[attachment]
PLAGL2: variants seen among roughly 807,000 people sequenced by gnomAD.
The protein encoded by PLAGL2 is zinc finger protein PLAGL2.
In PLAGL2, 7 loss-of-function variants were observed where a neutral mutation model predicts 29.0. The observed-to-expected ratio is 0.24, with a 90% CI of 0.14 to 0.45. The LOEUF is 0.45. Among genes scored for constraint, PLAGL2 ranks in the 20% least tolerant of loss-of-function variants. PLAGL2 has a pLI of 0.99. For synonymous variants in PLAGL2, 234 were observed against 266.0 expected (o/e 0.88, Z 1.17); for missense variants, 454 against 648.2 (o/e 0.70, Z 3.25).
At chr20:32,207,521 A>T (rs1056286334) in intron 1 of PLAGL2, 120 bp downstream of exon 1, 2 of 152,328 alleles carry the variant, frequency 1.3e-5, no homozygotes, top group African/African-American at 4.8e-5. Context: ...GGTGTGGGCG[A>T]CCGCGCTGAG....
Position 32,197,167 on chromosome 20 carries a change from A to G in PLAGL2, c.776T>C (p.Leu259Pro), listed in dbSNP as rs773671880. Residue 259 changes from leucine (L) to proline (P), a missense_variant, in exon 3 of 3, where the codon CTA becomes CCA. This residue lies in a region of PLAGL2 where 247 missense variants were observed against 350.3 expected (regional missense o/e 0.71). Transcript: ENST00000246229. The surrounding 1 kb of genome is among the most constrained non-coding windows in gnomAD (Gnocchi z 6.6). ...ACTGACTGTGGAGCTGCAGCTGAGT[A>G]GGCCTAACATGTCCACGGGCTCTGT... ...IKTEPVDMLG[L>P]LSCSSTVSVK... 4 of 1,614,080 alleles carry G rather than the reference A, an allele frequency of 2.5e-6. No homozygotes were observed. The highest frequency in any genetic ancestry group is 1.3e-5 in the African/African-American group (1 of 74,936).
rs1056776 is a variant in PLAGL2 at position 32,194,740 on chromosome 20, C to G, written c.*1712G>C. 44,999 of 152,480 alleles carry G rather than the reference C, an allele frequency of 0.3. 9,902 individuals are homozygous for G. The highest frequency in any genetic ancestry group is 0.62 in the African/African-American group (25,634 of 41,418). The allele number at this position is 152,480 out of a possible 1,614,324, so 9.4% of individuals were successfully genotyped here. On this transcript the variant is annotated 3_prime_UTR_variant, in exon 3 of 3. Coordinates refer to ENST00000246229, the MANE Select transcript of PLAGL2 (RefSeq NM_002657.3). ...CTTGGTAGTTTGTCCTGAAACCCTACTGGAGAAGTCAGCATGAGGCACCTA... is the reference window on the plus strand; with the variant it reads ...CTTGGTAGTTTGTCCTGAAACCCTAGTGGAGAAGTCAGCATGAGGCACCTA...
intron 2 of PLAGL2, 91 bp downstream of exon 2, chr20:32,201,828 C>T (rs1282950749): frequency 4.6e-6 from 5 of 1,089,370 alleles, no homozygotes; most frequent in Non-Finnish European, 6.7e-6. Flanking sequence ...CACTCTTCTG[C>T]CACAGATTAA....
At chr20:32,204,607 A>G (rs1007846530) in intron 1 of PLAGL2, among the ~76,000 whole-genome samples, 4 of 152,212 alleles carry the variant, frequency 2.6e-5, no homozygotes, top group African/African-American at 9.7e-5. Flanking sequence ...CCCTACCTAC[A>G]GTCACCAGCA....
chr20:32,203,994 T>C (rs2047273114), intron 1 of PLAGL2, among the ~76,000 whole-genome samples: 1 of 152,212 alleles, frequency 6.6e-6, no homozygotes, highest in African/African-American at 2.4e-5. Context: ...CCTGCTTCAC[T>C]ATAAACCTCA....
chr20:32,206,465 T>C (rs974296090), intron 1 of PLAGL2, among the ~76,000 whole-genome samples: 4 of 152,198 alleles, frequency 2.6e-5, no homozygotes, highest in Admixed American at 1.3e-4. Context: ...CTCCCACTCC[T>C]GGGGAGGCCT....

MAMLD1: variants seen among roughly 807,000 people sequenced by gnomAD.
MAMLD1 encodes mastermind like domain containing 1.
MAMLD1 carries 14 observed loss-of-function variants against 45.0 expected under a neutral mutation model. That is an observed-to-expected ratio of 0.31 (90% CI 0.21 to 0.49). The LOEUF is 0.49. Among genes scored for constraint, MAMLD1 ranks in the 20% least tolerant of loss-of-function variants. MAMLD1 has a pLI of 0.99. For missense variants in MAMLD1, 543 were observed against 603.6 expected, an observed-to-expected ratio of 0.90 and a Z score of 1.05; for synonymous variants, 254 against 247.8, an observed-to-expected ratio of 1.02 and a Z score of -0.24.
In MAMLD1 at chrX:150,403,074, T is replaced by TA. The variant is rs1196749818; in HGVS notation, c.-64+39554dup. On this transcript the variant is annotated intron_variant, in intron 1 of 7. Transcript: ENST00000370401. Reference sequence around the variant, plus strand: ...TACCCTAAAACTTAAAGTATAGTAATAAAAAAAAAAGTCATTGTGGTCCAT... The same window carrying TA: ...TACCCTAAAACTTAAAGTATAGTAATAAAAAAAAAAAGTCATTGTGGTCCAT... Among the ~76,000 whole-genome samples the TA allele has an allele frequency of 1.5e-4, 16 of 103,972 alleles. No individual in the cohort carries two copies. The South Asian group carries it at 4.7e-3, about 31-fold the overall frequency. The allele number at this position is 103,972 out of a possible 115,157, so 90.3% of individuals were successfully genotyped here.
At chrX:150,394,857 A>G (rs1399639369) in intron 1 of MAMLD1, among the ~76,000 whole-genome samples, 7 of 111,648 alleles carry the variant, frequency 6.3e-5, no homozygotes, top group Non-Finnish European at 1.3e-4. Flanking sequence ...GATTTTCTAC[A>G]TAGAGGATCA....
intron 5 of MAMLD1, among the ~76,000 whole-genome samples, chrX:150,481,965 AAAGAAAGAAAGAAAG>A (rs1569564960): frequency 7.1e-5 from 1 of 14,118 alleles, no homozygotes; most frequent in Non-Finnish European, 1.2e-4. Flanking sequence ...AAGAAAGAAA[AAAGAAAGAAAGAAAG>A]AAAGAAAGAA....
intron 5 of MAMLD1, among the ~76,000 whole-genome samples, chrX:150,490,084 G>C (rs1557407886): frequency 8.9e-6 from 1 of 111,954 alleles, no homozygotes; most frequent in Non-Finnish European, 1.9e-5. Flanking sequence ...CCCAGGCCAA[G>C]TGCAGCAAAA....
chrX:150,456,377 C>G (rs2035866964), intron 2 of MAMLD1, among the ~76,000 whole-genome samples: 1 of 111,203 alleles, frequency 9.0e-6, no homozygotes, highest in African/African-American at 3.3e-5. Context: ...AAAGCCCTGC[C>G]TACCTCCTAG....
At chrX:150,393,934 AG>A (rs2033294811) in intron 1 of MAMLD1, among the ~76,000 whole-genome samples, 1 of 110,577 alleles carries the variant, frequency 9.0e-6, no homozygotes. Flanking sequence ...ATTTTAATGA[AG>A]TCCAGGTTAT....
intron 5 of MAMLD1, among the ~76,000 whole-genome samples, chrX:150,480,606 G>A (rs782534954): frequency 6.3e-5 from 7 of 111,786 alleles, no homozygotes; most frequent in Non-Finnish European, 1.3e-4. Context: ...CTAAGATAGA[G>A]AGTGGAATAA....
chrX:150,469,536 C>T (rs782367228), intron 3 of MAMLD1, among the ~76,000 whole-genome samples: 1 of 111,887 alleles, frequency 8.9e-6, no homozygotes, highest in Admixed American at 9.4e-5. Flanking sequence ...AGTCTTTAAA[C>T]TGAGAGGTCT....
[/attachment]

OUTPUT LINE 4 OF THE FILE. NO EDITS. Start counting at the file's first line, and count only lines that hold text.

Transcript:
At chr20:32,207,521 A>T (rs1056286334) in intron 1 of PLAGL2, 120 bp downstream of exon 1, 2 of 152,328 alleles carry the variant, frequency 1.3e-5, no homozygotes, top group African/African-American at 4.8e-5. Context: ...GGTGTGGGCG[A>T]CCGCGCTGAG....